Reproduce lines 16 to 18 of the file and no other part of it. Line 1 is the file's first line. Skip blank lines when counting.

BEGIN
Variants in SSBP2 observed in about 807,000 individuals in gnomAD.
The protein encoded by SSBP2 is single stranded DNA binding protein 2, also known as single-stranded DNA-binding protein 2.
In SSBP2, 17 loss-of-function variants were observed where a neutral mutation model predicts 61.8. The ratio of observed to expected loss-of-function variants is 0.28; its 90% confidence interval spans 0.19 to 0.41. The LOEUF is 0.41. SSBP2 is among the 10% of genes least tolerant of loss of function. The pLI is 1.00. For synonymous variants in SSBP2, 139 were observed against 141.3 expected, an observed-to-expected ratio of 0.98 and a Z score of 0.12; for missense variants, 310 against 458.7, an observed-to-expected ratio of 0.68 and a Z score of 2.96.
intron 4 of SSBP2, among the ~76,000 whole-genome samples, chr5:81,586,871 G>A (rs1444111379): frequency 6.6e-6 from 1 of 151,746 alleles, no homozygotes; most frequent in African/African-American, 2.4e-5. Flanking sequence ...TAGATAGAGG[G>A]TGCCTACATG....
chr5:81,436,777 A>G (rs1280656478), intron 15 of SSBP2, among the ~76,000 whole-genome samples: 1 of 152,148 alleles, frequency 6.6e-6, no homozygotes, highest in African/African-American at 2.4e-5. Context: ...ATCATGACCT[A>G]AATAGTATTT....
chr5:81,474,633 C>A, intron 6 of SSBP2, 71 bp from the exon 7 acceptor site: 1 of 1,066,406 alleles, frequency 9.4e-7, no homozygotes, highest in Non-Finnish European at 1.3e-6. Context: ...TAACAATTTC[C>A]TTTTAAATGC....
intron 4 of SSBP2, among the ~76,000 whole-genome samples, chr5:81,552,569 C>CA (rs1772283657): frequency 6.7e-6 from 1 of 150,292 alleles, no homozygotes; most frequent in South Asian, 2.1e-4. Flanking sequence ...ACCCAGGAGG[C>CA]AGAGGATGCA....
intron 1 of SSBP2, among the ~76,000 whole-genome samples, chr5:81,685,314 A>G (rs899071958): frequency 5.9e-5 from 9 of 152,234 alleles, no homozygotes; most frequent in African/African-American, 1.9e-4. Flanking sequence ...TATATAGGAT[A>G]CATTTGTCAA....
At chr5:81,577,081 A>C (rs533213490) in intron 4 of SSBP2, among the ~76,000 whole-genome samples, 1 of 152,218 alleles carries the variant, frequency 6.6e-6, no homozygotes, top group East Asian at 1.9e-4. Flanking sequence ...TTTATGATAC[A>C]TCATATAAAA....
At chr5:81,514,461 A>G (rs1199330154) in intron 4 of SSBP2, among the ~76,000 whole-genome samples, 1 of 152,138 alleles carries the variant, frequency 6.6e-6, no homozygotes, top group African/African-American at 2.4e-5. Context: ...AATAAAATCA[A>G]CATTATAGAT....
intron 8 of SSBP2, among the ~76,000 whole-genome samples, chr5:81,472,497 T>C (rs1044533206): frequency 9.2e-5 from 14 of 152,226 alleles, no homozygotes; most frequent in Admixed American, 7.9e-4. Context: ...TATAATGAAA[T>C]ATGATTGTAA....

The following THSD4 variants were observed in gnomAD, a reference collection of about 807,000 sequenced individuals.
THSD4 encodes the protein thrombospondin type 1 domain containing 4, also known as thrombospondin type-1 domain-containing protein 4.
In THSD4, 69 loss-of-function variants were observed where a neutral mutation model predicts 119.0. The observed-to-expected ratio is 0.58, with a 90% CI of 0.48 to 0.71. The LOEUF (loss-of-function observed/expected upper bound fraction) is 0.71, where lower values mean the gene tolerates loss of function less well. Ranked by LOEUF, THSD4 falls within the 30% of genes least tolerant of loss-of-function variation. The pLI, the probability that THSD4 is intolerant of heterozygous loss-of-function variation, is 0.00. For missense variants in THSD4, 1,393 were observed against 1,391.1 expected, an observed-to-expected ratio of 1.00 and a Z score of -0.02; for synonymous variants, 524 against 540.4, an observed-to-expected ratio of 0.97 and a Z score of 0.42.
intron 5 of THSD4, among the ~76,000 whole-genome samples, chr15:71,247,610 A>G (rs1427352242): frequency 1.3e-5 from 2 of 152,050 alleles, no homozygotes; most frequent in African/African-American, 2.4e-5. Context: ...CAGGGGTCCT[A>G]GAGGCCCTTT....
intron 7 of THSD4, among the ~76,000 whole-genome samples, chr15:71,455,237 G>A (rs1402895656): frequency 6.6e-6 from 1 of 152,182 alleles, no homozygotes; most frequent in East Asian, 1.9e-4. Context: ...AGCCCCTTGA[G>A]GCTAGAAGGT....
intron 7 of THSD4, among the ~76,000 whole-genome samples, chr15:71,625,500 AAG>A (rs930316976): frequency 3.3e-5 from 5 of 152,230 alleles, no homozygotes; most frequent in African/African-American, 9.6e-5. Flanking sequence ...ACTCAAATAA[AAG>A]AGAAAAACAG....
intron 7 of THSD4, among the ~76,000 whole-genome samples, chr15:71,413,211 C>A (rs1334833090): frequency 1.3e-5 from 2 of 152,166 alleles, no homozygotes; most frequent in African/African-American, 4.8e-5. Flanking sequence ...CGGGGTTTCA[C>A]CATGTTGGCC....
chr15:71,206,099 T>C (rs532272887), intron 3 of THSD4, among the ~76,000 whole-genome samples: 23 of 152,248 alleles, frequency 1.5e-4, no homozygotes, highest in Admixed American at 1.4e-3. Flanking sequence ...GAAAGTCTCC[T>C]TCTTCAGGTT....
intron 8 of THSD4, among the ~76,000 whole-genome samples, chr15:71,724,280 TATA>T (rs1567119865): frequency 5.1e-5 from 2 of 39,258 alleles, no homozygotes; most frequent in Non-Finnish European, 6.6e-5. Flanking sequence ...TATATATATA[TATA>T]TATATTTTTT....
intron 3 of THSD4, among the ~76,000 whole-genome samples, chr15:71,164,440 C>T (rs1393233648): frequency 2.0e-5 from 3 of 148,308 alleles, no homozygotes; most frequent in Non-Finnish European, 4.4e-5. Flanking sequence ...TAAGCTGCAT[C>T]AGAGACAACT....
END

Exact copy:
intron 7 of THSD4, among the ~76,000 whole-genome samples, chr15:71,455,237 G>A (rs1402895656): frequency 6.6e-6 from 1 of 152,182 alleles, no homozygotes; most frequent in East Asian, 1.9e-4. Context: ...AGCCCCTTGA[G>A]GCTAGAAGGT....
intron 7 of THSD4, among the ~76,000 whole-genome samples, chr15:71,625,500 AAG>A (rs930316976): frequency 3.3e-5 from 5 of 152,230 alleles, no homozygotes; most frequent in African/African-American, 9.6e-5. Flanking sequence ...ACTCAAATAA[AAG>A]AGAAAAACAG....
intron 7 of THSD4, among the ~76,000 whole-genome samples, chr15:71,413,211 C>A (rs1334833090): frequency 1.3e-5 from 2 of 152,166 alleles, no homozygotes; most frequent in African/African-American, 4.8e-5. Flanking sequence ...CGGGGTTTCA[C>A]CATGTTGGCC....